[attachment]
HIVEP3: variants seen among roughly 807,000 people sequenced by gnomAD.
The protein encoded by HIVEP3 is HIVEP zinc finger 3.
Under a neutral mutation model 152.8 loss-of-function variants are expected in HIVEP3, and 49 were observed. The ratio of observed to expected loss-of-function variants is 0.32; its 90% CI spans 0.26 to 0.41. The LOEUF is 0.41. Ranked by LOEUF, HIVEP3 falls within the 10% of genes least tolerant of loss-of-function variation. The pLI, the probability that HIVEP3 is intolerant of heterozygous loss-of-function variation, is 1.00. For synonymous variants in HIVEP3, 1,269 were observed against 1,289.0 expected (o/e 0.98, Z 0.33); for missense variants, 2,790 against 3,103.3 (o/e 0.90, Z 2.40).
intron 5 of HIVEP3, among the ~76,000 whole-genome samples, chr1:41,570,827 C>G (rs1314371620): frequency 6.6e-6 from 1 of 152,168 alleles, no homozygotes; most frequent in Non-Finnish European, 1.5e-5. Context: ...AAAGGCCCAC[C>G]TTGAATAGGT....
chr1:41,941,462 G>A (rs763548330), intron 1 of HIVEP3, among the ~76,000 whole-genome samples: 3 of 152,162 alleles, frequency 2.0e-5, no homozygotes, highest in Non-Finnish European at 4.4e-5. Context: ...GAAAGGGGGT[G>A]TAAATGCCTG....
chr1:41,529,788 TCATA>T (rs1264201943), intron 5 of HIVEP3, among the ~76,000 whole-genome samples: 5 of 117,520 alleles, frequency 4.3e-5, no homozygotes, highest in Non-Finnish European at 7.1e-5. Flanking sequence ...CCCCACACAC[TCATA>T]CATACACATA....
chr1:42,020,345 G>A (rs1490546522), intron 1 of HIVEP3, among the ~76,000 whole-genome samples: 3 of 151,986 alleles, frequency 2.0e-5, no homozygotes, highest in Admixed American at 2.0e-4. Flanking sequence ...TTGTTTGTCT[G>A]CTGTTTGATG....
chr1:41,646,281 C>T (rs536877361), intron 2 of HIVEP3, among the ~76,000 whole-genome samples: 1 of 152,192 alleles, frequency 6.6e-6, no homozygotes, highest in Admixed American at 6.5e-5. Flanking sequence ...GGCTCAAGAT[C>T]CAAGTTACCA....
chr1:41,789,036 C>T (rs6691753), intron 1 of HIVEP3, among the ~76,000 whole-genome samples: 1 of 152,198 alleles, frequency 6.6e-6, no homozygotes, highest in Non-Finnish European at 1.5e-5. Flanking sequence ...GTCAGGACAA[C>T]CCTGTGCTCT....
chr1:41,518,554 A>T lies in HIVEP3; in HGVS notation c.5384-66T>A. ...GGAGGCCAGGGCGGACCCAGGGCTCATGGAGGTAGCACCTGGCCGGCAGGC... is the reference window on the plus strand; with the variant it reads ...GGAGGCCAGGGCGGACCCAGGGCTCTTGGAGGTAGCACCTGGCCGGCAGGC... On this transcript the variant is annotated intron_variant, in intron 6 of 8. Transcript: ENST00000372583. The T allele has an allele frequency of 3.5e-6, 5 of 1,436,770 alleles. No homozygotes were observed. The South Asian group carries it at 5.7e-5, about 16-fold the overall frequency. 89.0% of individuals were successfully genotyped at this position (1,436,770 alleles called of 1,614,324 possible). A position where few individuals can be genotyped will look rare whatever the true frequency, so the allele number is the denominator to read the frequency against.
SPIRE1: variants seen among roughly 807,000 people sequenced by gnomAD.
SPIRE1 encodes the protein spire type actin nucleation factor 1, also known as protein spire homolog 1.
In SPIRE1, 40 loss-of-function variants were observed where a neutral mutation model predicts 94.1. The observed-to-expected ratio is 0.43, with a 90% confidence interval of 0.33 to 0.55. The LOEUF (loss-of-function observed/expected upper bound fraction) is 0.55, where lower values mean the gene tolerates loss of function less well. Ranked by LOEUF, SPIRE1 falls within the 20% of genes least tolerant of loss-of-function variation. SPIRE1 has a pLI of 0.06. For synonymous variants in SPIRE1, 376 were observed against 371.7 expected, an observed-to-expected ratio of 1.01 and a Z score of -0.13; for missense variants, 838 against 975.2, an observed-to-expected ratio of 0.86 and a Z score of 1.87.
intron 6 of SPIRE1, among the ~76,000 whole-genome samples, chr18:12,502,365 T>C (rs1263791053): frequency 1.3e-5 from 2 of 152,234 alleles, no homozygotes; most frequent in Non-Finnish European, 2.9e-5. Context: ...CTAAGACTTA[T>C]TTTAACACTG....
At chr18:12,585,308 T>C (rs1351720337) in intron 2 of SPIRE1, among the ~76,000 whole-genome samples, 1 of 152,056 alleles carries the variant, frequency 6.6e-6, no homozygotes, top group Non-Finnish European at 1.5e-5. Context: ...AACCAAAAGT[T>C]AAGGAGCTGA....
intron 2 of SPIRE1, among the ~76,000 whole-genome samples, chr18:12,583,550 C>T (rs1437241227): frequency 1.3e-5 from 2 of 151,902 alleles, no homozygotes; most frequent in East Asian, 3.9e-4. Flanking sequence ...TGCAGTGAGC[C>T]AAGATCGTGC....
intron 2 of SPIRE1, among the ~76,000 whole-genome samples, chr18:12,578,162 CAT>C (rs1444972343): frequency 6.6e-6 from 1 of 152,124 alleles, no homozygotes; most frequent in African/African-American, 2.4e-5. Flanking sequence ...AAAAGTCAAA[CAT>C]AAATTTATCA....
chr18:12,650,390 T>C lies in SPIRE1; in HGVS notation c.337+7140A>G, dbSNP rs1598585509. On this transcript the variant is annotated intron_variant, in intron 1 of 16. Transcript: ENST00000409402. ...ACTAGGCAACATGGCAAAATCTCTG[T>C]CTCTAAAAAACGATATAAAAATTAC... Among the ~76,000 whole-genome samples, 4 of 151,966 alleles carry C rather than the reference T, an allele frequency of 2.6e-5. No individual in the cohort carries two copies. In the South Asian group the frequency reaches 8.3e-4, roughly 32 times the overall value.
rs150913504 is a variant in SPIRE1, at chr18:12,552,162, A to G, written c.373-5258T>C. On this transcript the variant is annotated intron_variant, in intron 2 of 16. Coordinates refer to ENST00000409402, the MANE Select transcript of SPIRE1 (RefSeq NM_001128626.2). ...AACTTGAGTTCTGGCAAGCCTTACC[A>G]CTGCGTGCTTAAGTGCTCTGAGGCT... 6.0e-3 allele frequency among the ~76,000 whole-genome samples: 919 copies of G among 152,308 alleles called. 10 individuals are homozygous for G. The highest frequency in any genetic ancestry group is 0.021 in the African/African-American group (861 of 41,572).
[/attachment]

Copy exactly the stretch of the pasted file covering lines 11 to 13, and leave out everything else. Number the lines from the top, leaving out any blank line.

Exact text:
SPIRE1: variants seen among roughly 807,000 people sequenced by gnomAD.
SPIRE1 encodes the protein spire type actin nucleation factor 1, also known as protein spire homolog 1.
In SPIRE1, 40 loss-of-function variants were observed where a neutral mutation model predicts 94.1. The observed-to-expected ratio is 0.43, with a 90% confidence interval of 0.33 to 0.55. The LOEUF (loss-of-function observed/expected upper bound fraction) is 0.55, where lower values mean the gene tolerates loss of function less well. Ranked by LOEUF, SPIRE1 falls within the 20% of genes least tolerant of loss-of-function variation. SPIRE1 has a pLI of 0.06. For synonymous variants in SPIRE1, 376 were observed against 371.7 expected, an observed-to-expected ratio of 1.01 and a Z score of -0.13; for missense variants, 838 against 975.2, an observed-to-expected ratio of 0.86 and a Z score of 1.87.